Listen to this story
What Neil Gaiman and My Secret Agent Grandmother Taught Me
Neil Gaiman has a story about his cousin Helen. Helen was a Jew living in the Warsaw ghetto during Nazi occupation. Despite the desperate circumstances, Helen was determined that the children living in the ghetto would receive whatever education she could offer them. Under the pretense of participating in a sewing class, 20 girls would gather at her cramped apartment every day to learn math and grammar. But that wasn’t all Helen taught them.
You see, Helen had a secret. Books were forbidden, and possession was a death sentence. But Helen managed to keep a clandestine copy of Margaret Mitchell’s Gone with the Wind. Every night, Helen would read a chapter. The next day, when the girls arrived to study arithmetic, she would narrate the chapter from memory. When Gaiman asked Helen why she would risk death for a story, she responded, “Because for an hour every day, those girls weren’t in the ghetto — they were in the American South; they were having adventures; they got away.”
Only four of those girls survived the war. Helen managed to track one down many decades later. When the two old women reunited, they called each other by the names of characters from Gone with the Wind.
Stories are space-time machines. Through them, we can explore distant galaxies, visit the ancient past or the far future, and peek inside other people’s hearts and minds. Gaiman concludes, “The magic of escapist fiction is that it can actually offer you a genuine escape from a bad place, and in the process of escaping, it can furnish you with armor, with knowledge, with weapons, with tools you can take back into your life to help make it better.”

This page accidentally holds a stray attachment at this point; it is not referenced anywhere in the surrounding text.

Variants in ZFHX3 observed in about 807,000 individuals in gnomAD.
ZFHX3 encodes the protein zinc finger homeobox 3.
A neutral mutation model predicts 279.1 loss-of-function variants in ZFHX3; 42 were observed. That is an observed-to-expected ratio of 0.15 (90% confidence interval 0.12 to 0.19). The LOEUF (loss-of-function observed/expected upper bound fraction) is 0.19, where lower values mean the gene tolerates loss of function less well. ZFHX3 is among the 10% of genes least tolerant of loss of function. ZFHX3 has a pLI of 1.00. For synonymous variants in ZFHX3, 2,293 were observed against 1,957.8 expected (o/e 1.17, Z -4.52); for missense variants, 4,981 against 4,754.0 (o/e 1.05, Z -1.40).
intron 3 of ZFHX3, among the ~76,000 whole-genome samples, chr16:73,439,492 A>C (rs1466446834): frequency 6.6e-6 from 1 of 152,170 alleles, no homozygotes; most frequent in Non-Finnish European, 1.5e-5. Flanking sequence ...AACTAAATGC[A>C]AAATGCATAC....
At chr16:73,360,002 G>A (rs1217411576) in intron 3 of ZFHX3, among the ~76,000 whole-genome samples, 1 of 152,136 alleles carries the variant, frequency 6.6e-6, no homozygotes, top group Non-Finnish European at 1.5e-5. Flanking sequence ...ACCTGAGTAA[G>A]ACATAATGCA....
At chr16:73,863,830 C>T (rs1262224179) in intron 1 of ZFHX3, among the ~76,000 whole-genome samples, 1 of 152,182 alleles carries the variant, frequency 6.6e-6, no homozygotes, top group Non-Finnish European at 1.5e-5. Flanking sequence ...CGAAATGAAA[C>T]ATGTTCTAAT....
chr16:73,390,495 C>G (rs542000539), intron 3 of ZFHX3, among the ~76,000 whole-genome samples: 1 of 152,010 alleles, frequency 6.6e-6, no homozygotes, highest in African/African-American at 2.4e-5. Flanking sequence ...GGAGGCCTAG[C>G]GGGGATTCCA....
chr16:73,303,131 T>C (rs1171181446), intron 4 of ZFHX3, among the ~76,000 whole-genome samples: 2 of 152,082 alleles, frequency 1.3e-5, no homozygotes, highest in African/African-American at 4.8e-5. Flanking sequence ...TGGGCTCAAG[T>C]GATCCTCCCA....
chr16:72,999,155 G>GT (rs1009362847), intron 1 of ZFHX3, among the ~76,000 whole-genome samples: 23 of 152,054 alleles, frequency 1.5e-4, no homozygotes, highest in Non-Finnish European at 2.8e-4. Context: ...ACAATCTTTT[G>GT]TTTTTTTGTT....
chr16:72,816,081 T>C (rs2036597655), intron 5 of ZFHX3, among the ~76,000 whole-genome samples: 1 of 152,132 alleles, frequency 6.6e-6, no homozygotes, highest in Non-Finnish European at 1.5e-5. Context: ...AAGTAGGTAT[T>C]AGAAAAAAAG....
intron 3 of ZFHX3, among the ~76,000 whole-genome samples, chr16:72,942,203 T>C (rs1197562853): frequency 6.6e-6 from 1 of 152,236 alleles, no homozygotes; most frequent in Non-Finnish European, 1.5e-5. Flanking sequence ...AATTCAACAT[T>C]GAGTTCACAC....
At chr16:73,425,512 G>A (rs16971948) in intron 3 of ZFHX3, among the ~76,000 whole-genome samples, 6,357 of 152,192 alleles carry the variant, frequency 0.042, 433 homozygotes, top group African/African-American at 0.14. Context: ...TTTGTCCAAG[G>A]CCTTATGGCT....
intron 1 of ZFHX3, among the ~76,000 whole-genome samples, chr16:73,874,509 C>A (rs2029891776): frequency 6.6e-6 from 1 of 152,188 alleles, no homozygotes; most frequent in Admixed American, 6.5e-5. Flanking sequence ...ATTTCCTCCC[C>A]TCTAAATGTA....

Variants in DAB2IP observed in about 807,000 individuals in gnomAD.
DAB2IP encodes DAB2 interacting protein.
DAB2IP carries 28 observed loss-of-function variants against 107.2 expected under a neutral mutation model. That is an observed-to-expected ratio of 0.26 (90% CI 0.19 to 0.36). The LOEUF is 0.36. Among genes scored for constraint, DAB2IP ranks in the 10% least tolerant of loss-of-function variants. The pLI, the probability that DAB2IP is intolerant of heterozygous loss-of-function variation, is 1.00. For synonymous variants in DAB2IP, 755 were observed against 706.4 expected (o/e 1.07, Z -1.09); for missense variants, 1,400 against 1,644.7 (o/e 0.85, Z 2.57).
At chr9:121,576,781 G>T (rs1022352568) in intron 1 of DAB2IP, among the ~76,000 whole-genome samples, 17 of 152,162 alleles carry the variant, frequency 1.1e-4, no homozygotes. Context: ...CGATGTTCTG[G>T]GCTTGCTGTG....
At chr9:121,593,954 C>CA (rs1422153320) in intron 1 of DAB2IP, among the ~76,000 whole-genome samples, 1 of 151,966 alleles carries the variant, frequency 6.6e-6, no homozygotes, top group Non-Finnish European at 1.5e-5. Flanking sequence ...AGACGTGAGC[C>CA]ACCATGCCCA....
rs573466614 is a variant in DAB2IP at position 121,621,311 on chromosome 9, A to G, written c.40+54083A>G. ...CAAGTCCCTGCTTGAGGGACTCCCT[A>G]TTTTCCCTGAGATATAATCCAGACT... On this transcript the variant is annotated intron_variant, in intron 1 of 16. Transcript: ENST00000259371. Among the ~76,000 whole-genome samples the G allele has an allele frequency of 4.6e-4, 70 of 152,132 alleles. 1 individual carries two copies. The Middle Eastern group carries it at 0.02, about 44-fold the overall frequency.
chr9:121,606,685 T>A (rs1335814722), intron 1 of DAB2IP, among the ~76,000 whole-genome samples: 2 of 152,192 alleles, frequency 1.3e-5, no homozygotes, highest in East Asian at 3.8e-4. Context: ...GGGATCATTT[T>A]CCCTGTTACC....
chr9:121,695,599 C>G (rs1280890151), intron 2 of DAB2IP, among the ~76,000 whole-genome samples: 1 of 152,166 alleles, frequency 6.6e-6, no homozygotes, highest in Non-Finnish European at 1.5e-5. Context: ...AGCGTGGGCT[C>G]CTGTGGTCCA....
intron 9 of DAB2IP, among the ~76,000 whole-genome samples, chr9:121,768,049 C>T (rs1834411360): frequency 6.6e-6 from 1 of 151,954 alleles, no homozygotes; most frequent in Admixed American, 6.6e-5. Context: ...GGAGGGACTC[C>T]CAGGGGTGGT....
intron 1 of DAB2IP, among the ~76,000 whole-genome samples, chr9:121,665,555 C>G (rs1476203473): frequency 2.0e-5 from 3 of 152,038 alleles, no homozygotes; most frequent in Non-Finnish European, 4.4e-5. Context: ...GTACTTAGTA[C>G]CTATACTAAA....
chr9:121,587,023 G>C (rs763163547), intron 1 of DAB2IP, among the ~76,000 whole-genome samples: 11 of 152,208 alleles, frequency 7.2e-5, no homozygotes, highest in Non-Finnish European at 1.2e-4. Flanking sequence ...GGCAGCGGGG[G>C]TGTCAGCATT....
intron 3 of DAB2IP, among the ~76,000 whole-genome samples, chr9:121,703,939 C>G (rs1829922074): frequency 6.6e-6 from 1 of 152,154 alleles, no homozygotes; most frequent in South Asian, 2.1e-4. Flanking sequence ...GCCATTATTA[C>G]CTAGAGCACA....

Helen’s story moved me deeply, in part because my own Dutch grandparents narrowly escaped World War II. My Jewish opa married my Protestant oma shortly before the invasion and against their parents’ wishes. Opa was a diamond cutter, and when the Nazis started sending Jews to the camps, he built a secret compartment to hide in during raids. It was the size of a coffin, and he recruited a neighbor who was a wallpaper man to help him conceal it. When soldiers searched their building, he squeezed in and tried not to sneeze. He would be one of the only members of his family to survive the Holocaust.
Meanwhile, Oma joined the Dutch resistance and became a secret agent. She ferried people, supplies, and information, risking her life every single day to rescue total strangers even while she, her husband, and their infant children lived on the brink of disaster. She would go on to earn a medal from the Dutch queen and be named one of the Righteous Among Nations by the state of Israel.
Whenever I face adversity, I think of my oma. I have never encountered anything close to the danger and darkness she wrestled with daily, and hopefully I never will. Her story is a wellspring of inspiration for me, a reminder of the better future she risked so much to build for her children and grandchildren, and it rests like a polished pebble in my heart.
“The magic of escapist fiction is that it can actually offer you a genuine escape from a bad place.”
But the Nazis who persecuted Helen, my grandparents, and so many millions of others were also inspired by stories. Theirs were stories of militant nationalism, will to power, racial superiority, and the return to a mythical past, stories that are disturbingly resurgent today. The Allies and the Axis both had stories they were willing to die for.
Anything worth dying for is powerful, and power is a double-edged sword. Stories transport us. Stories inspire us. Stories change us. The next time you devour a novel, listen to a podcast, or settle in for a Netflix binge, enjoy the ride and return with whatever insights you can glean. And then, once you’re back on terra firma, take a moment to consider what that story means, what larger narratives it fits into. Is it something you would die for? Is it something you would die to prevent? Who might suffer, and who might be empowered, if it were to come true? By becoming more thoughtful storytellers and audiences, we can make sure we’re using the right edge of narrative’s sword.